UC Observer logo
UCObserver on SoundCloud UCObserver on YouTube UCObserver on Facebook UCObserver on Twitter UCObserver's RSS Feeds
Courtesy of Téléfilm Canada

Adoration

A new film by Canadian director Atom Egoyan reveals the fault lines of fear in our post-9/11 consciousness

By Drew Halfnight

Adoration
Directed by Atom Egoyan; starring Scott Speedman, Devon Bostick, Rachel Blanchard and Kenneth Welsh
(Téléfilm Canada)

In Canadian director Atom Egoyan’s complex and searching new drama Adoration, a traumatized family revisits its past, revealing, among other things, the fault lines of fear and victimhood that tremble in the post-9/11 consciousness.

Asked to translate an article about an attempted airplane bombing for French class, young Simon (Devon Bostick) impresses classmates and others with the revelation that he is the orphaned son of the terrorist identified in the article. The boy’s story becomes an online sensation as everyone from neo-Nazis to 9/11 survivors logs onto the Internet to have a say.

Meanwhile, Tom (Scott Speedman), Simon’s uncle and guardian, struggles with the legacy of intolerance and bigotry that his late father left behind. In two remarkable scenes, an interloper wearing a black burka confronts Tom as he decorates his suburban home for Christmas. In evocative fashion, the woman forces Tom's deep-seated intolerance to the surface before disarming him and helping him find forgiveness.

Less successful and a touch contrived are parts of the film riffing on technology (some scenes unfold through cell phones and desktop cameras). Lengthy online chat sessions yield some hammy discourse on terror, complete with hit-you-over-the-head lines (“I am the guy who is speaking for the dead!” shrieks the 9/11 survivor) set to the 1980s pop tune Dear God, an unfortunate intrusion on the film’s otherwise exquisite violin score by Mychael Danna.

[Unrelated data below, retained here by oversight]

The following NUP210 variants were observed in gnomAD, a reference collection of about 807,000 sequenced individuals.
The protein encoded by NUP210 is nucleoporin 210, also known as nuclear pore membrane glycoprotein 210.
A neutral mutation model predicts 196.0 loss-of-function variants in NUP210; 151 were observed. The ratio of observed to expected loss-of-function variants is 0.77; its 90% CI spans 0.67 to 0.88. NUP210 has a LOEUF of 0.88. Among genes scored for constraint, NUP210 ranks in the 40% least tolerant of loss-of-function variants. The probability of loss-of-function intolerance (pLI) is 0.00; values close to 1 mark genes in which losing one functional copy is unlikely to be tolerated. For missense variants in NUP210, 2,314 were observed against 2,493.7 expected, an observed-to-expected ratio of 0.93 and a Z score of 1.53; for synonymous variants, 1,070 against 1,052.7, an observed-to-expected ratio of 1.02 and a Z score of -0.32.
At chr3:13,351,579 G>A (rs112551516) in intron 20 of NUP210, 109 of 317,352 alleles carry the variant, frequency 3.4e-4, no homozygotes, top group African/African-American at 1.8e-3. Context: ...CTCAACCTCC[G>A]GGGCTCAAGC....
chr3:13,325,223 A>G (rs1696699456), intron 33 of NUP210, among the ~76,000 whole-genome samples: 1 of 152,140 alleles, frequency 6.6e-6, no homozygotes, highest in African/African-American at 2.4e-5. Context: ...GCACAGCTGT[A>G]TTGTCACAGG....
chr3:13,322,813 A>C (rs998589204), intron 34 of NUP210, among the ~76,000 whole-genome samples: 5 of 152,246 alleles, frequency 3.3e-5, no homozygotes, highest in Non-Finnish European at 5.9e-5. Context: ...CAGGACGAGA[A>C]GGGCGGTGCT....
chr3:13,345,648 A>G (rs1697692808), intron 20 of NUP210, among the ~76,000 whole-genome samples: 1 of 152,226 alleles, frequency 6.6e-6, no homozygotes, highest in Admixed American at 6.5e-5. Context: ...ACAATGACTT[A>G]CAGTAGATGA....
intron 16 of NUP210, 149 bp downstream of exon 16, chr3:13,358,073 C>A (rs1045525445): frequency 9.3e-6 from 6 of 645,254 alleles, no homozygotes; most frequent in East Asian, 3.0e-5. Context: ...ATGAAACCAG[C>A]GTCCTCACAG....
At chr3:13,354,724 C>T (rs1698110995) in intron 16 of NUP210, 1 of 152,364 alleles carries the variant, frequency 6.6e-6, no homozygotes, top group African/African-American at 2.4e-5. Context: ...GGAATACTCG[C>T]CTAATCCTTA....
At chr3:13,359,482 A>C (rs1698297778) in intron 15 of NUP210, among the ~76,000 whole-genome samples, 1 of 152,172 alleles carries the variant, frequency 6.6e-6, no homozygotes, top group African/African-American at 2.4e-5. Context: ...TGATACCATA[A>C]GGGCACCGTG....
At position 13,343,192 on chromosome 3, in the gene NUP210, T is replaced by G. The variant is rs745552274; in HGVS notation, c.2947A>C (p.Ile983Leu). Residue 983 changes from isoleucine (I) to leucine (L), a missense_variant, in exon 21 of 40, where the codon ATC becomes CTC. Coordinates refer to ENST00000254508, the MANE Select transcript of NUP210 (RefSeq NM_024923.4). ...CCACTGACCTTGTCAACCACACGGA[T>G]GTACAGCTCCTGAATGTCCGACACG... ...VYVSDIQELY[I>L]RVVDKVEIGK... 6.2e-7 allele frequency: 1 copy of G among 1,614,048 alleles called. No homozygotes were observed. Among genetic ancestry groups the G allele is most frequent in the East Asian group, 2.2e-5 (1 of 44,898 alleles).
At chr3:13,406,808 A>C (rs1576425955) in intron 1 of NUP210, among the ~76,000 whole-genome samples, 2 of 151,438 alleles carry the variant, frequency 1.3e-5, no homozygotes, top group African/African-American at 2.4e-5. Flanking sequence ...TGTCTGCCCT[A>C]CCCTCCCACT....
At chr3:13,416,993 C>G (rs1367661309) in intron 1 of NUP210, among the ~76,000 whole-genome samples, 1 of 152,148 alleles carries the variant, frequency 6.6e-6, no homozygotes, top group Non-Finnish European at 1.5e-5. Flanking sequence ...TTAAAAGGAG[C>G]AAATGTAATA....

Egoyan fans will appreciate Adoration. It’s the kind of meandering suspense flick — intelligent, sensuous, brooding — that has earned him darling status in Canadian cinema. It continues his trademark obsession with trauma, imagining characters who, cracked by tragedy and consumed by phantom terrors, cannot decide if they are the victims or the agents of their own misfortunes.


Author's photo
Drew Halfnight is a father, journalist and high school teacher in Toronto.
Readers’ advisory: The discussion below is moderated by The UC Observer and facilitated by Intense Debate (ID), an online commentary system. The Observer reserves the right to edit or reject any comment it deems to be inappropriate. Approved comments may be further edited for length, clarity and accuracy, and published in the print edition of the magazine. Please note: readers do not need to sign up with ID to post their comments on ucobserver.org. We require only your user name and e-mail address. Your comments will be posted from Monday to Friday between 9:30 a.m. and 5:30 p.m. Join the discussion today!
Promotional Image
Promotional Image

Video

ObserverDocs: My Year of Living Spiritually

by Observer Staff

Anne Bokma left the Dutch Reformed Church as a young adult and eventually became a member of the United Church and then the Unitarian Universalists. Having long explored the "spiritual but not religious" demographic as a writer, she decided to immerse herself in practices — like hiring a soul coach, secular choir-singing and forest bathing — for 12 months to find both enlightenment and entertainment.

Promotional Image

Faith

January 2018

In the beginning

by Alanna Mitchell

The award-winning science writer travels to northern Australia to explore the world's oldest creation story

Society

January 2018

The good death

by Pieta Woolley

Anglican professor Donald Grayston made dying in peace a lifetime project. His example is inspiring others to plan a meaningful exit.

Faith

January 2018

Me, Dad and the Almighty

by Anne Bayin

A preacher’s kid pretended to be a devout daughter, but secretly she felt lost in a wilderness of doubt.

Society

January 2018

The good death

by Pieta Woolley

Anglican professor Donald Grayston made dying in peace a lifetime project. His example is inspiring others to plan a meaningful exit.

Faith

January 2018

In the beginning

by Alanna Mitchell

The award-winning science writer travels to northern Australia to explore the world's oldest creation story

Faith

January 2018

Me, Dad and the Almighty

by Anne Bayin

A preacher’s kid pretended to be a devout daughter, but secretly she felt lost in a wilderness of doubt.

Promotional Image